The Kalinzu rainforest, also known as the Kalinzu jungle, is a wet broadleaf tropical rainforest. Above all, it is located in the western region of Uganda in the district of Bushenyi. Firstly, it is one of the best thick canopy forests in Uganda for chimpanzee tracking. Kalinzu forest covers an area of 137 square kilometres of various tree species. The forest is in an altitude range of 1000 – 1300 meters above sea level. Secondly, it is located 81kms from Queen Elizabeth national park and 44kms from Kyambura gorge.
There is no factual archaeological evidence that shows any human inhabitation in the Kalinzu rainforest. However, local people leaving in the communities around and close to the forest. Usually, have claimed they used to hunt and wild plant gathering as patterns of excursions. Subsequent induced alterations by the Uganda wildlife authority through the ministry of tourism. Therefore, under the directive of the government, this forest was gazetted.
FLORA AND FAUNA
Unparalleled biodiversity of 400 species of trees occurs in this fairly small Kalinzu rainforest. A composition of 378 bird species, 262 butterflies and 97 moth species. One in ten known species in the world lives in the Kalinzu rainforest, the chimpanzee. This constitutes a substantial collection of living plants and animal species in Africa.
Animals such as the pygmy antelope and 28 amphibians. Also, 34 reptiles have been scientifically classified in the forest. Other animals that occur include leopards, forest buffaloes, and elephants. Primates such as Blue monkeys, red-tailed monkeys, the rare L’Hoest Monkeys, olive baboons, and black and white colobus monkeys. Nocturnal primates like the pottos, bush babies, and two species of galagos.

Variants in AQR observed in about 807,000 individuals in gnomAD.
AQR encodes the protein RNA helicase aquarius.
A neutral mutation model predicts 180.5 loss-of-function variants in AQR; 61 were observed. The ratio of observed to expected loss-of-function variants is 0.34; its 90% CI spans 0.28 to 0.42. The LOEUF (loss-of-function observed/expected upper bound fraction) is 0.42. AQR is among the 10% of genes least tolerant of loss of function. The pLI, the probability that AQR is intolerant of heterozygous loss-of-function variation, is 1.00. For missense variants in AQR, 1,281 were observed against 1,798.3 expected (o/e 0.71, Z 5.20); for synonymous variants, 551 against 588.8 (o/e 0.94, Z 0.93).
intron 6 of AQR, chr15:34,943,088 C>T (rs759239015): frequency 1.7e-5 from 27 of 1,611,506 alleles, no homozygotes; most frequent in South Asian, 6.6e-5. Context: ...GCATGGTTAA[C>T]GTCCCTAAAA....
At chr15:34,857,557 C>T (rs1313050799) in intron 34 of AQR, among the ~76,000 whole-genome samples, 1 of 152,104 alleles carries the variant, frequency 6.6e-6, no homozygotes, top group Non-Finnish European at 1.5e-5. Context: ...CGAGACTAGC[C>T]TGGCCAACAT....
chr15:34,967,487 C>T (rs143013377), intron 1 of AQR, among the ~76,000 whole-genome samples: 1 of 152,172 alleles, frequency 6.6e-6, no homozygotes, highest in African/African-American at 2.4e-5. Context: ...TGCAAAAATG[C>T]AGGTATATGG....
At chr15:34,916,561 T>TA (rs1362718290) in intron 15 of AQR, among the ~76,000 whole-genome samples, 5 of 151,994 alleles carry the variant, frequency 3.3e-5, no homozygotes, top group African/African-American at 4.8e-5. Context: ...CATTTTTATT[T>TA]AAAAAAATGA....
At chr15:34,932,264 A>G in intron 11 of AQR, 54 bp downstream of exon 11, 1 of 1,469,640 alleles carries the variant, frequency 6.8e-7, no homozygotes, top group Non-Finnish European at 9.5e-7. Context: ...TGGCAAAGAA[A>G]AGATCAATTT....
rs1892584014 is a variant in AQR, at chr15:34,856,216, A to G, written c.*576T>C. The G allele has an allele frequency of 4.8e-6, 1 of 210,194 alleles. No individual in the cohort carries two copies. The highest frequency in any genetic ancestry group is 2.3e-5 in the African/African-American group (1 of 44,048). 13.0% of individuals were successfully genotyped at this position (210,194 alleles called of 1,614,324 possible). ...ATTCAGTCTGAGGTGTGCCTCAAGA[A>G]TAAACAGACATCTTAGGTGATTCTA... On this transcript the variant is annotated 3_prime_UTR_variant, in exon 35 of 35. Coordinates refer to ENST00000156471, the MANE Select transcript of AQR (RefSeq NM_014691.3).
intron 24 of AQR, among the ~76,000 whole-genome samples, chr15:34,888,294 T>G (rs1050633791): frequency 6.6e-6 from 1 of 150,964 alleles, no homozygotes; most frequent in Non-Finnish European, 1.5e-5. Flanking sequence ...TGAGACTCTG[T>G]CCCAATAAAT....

The Kalinzu Central Forest Reserve to go Chimpanzee Trekking.
We met up at 8 am at the office of the Forest Reserve, and I can’t comment on the public toilets here as I did not need to go.
Our guide was excellent; she did all she could to educate us on the chimps and explained clearly to us as we went along the various fauna, etc. The route thru the jungle was manageable though the ground was wet from rain in the wee hours of that morning.
I had on a pair of knee guards, and I would recommend these guards for those with weak knees. Do not bring a walking pole, the staff will have wooden poles, which they will offer to those who need them.
As it is a canopied forest, it is shady throughout, which is nice. Our trek into the chimps took no more than an hour, and there they were, a family of chimps up in the tree tops. Honestly, gorilla trekking at Mgahinga Gorilla National Park was more satisfying than chimp trekking, albeit more costly.
Here’s why. Gorillas are easier to spot in terms of size and less fidgety for one. The chimps we saw were high up in the trees, and none happened to be on the ground, which can be quite the norm.
Thou I would rather see chimps in their natural environment than in a zoo, it became quite apparent that if we did get lucky to spot some chimps on the ground, they would scurry up a tree fast. Thus it was wishful thinking to see the chimpanzees with the naked eye as the thick foliage of the jungle covers much!
To enjoy this activity, bring along a pair of binoculars and a long lens if you want better pictures. It proved almost impossible to get a good shot of the chimps without.
At least you would get a close-up view to see how adorable these chimps are, especially the young ones!
Overall we were happy with the crew and felt that they did their best to offer a good experience. We enjoyed the jungle trekking and all else the jungle had to offer.